17. -hh macrumors 68020

    -hh

    Joined:
    Jul 17, 2001
    Location:
    NJ Highlands, Earth
    #18
    These are pretty much my thoughts too; I just went through a similar "what to get" decision around a year ago, and took a Canon 20D w/ 1.4x and the EF 70-200mm f/2.8 IS on a two week long safari to Tanzania this past summer.

    This combination is effectively a 98-280mm f/4 before the crop body's 1.6x, which takes it to a 35mm equivalent of 150-450mm.

    FWIW, the reason I chose this combo over the 100-400 IS is because I was concerned for low light conditions and wanted to be able to drop the 1.4x to get to 200mm @ f/2.8 In reality, I was reluctant to pull the lens off in the field (dust) and our low light conditions weren't all that common: I compensated by jakcing the ISO and using a sandbag. However, since the 100-400 is f/5.6, this would have been 'one more stop' and I do think that I would have lost a couple of interesting shots...probably not that many to really cry about, though, and I would have benefitted from the increased reach more frequently IMO.

    BTW, I came home with around 4500 images, so work out your digital storage plan too; for me, I realized around 35GB (shooting in JPEG+RAW) worth of digital media consumption.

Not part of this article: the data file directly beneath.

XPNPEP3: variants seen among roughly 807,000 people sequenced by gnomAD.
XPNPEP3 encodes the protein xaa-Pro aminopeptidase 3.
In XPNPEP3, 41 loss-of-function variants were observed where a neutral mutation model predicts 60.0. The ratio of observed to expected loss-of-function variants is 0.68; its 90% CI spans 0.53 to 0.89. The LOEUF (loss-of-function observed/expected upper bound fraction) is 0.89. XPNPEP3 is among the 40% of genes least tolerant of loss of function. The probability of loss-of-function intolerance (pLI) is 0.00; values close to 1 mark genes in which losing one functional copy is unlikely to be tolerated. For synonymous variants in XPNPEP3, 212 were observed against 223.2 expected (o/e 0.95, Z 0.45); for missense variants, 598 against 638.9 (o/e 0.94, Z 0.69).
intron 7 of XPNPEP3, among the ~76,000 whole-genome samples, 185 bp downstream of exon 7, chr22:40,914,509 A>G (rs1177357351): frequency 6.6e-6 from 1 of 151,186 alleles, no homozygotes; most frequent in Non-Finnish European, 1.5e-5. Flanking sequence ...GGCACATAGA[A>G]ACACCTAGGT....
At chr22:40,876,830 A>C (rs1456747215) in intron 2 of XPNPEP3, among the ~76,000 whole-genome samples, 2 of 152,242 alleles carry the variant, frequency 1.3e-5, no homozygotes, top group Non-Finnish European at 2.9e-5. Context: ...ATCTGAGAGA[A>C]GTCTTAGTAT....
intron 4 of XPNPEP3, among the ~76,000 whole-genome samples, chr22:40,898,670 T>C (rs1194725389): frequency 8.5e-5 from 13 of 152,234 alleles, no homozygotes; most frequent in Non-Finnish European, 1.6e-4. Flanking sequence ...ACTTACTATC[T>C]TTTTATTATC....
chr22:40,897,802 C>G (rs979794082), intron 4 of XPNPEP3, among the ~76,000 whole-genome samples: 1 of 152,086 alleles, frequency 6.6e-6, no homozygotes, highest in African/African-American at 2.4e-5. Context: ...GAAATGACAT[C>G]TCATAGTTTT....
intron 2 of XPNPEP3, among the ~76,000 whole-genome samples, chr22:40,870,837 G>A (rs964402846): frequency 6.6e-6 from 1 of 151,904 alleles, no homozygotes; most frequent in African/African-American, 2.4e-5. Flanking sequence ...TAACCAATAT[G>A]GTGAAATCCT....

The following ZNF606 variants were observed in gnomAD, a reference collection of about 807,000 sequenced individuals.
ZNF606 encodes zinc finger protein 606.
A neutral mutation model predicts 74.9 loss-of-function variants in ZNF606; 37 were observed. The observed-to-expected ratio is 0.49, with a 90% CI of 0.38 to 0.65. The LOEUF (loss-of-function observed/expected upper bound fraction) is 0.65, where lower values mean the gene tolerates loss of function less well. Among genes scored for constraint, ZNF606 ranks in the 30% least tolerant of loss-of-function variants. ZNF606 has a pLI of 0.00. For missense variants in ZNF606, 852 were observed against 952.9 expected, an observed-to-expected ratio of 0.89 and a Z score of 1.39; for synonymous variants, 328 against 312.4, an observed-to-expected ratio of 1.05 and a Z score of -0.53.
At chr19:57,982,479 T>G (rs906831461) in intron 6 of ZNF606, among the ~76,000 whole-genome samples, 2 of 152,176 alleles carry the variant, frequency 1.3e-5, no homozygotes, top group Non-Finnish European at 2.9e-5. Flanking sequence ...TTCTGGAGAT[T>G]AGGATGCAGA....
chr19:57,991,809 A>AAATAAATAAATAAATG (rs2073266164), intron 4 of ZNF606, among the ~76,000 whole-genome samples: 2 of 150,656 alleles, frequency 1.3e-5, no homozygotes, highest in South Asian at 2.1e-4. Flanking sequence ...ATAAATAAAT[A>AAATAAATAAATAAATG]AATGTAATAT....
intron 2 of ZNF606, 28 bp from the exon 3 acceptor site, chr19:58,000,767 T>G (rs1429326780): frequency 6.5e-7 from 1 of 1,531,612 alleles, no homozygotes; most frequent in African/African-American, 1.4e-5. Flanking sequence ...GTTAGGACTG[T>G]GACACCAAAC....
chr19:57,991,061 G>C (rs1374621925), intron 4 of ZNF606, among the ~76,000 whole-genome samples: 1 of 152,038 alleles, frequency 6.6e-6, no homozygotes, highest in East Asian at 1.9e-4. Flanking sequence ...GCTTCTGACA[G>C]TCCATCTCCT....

The lighting will be marginal at times, but not necessarily 'all that horrible', for the dSLR's are quite acceptable at ISO 400, which helps offset lens limitations, and IMO, losing 1 stop in glass while picking up IS ("worth" 2-3 stops) is generally worth the trade-off.

    Generally speaking, for the game drives we went out on (Tanzania), we had a morning and an afteroon game drive. The normal daily routine was:

    1. Wake before dawn, went to breakfast at right around dawn, then loaded up in the jeep around 60-90 minutes later. As such, light levels for the morning game drive weren't really a problem.

    2. Cleanup, have lunch, rest, clean photo gear, "saddle up" at ~3pm; be out until sunset - sometimes earlier, sometimes later: some parks technically probibit you from being out after sunset, although from what we saw, it seems that they generally expect guides to run late, either because they stopped for animals, or because they were at a scenic overlook for the sunset. As it gets darker, crank the dSLR up to ISO 1600. If you have room (weight budget), an external strobe with a "better beemer" works pretty well.

    I'll try to pick through my images this weekend to find & upload some illustrations (we also had a P&S with us and did "double-shoot" some subjects under marginal lighting).